DI Tim Yates and DS Juliet Armstrong are investigating the widespread theft of expensive farm machinery and keep on drawing a blank. They don't know whether they're looking for a gang, an individual or an organised network; nor can they find any trace of the machinery once it's been stolen. Meanwhile, local property developer and philanthropist Jack Fovargue is assaulted in the street, and seems reluctant to help find his assailant. Visiting one of Fovargue's building sites to persuade him to make a statement, DI Yates sees a quad that he thinks may have been stolen from a nearby farm a few days before. Fovargue denies all knowledge of the vehicle, while his foreman says he picked it up cheaply from a traveller. Tim obtains a warrant to search the site and discovers something far more sinister than another missing machine.
‘The clue to the essence of this book is in the title. It’s about the claustrophobia of families and the secrets contained within them. The book, for me, also had a strong ‘provincial’ feel. And I mean this in the best sense of the word. It was a book not about the metropolis but the lives of ordinary (or perhaps not) people in everyday surroundings. And it was nice to read something with such a strong sense of place.’ —Crimepieces
‘If you’re after a complex plot with some political and illegal undertones, plenty of suspicious circumstances and some interesting historical content, then give this a try.’ —Mean Streets: The Home of Crime Fiction
‘James specialises in mixing suspense-flavoured first-person and historical narratives in with the police-procedural. In Sausage Hall she uses Kevan's voice to narrate events from the point of view of a troubled family man. The history comes from the recovered diary of Florence Jacobs, a previous resident of Sausage Hall, which offer clues to the identities of the three bodies in the cellar. The police are all essentially public-spirited and amiable, with the possible exception of Tim's ambitious boss. This time, the tireless Juliet gets a richly-deserved romantic sub-plot.’ —Rich Westwood, Euro Crime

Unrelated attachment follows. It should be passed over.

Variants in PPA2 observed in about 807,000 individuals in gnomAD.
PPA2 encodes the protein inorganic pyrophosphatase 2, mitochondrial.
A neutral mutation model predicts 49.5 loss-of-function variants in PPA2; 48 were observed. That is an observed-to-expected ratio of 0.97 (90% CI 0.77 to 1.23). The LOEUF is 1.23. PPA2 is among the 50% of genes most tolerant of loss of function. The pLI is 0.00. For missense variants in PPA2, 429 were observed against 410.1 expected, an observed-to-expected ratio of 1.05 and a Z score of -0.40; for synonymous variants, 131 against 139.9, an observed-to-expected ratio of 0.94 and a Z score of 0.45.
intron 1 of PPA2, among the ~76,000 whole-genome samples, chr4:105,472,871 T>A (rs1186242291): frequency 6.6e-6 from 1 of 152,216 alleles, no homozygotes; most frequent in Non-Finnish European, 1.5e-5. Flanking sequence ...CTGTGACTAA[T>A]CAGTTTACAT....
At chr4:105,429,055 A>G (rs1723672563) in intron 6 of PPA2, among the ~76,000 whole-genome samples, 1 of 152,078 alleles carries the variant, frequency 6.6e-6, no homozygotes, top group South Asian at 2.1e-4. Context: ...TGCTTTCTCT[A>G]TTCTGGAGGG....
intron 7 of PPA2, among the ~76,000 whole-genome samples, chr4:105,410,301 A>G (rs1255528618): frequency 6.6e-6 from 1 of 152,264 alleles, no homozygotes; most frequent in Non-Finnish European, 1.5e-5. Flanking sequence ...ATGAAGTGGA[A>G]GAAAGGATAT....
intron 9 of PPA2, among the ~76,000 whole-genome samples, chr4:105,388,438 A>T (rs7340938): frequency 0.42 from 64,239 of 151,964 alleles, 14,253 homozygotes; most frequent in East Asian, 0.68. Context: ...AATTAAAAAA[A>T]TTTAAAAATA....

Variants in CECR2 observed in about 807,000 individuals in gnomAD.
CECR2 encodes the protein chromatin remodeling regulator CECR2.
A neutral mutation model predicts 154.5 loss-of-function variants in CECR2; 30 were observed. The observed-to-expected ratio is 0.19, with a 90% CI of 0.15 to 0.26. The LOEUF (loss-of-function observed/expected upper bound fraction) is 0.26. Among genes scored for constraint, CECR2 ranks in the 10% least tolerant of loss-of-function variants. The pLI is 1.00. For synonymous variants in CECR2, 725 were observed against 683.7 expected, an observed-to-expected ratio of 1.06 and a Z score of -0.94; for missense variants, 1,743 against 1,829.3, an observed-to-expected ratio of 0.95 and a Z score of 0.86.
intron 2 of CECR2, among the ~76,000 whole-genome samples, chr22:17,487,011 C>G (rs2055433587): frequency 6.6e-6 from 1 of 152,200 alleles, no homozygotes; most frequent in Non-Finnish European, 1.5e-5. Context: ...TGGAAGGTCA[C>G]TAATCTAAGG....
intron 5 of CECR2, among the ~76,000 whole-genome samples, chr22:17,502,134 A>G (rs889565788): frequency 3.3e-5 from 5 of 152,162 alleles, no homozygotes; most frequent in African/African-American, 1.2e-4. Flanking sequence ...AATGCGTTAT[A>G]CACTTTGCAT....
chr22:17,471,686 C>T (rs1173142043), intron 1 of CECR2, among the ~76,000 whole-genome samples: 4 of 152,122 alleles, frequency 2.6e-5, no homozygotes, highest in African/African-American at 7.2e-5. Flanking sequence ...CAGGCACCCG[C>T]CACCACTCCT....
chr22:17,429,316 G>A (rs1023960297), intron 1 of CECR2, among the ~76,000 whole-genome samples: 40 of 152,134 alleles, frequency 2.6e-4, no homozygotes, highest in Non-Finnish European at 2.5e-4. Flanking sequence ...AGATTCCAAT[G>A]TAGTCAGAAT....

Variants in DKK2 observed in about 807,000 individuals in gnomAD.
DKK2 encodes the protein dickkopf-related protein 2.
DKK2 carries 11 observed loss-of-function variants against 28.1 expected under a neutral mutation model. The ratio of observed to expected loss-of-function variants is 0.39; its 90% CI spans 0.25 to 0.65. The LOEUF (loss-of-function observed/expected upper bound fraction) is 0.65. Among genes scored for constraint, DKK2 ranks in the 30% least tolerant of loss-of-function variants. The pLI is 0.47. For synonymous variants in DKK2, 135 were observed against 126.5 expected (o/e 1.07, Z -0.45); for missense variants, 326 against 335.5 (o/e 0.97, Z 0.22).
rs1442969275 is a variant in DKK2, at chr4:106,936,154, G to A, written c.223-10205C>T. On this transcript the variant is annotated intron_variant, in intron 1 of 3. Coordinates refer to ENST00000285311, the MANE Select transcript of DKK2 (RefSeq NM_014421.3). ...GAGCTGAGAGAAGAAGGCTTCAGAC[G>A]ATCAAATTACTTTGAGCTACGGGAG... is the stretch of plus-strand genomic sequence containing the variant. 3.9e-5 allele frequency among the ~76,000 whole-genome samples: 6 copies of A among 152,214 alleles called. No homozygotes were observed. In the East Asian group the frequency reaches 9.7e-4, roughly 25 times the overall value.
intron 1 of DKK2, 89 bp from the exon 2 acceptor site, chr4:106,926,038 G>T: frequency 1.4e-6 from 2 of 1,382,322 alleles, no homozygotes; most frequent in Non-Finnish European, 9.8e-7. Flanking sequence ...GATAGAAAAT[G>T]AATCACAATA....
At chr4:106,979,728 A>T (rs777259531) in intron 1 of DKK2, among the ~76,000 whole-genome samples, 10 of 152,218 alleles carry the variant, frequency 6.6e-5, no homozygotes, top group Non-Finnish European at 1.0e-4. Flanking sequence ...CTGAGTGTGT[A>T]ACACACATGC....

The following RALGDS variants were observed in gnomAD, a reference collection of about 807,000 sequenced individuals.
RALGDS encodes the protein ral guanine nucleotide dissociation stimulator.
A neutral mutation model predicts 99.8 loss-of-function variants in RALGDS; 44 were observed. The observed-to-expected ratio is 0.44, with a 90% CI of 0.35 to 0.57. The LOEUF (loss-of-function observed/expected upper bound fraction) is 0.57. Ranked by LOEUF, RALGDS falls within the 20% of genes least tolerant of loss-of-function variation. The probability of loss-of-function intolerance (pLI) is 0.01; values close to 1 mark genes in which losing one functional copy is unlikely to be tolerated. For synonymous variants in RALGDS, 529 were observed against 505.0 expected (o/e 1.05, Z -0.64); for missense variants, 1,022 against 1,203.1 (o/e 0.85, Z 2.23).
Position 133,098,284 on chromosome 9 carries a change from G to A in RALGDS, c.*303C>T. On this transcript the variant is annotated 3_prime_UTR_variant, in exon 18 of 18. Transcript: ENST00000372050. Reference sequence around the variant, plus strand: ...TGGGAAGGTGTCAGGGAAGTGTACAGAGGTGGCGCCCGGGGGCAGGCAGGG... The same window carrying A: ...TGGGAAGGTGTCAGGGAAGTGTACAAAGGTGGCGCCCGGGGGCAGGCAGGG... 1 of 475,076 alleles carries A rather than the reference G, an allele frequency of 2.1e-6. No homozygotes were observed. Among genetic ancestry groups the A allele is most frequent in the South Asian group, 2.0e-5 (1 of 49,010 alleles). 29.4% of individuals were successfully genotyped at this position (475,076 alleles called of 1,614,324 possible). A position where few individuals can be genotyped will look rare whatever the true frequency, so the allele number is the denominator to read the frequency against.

‘★★★★☆ A police procedural with a depth and some mischievous twists that go beyond the average procedural. Yes, DI Tim Yates is back in a third outing, investigating skeletons in the cellar and a body in the woods; great stuff that just gets better.’ —Ani Johnson, The Bookbag
‘I love the unfolding of a good mystery and Sausage Hall is certainly one.’ —Diane Challenor, Artuccion
‘★★★★ Had me fairly engrossed at all times ... Serious issues are touched upon regarding people trafficking, prostitution and exploitation.’ —Crimespace
‘A crime mystery with a sinister undercurrent exploring the murky world of illegal immigrants, and a well researched historical element.’ —BooksPlease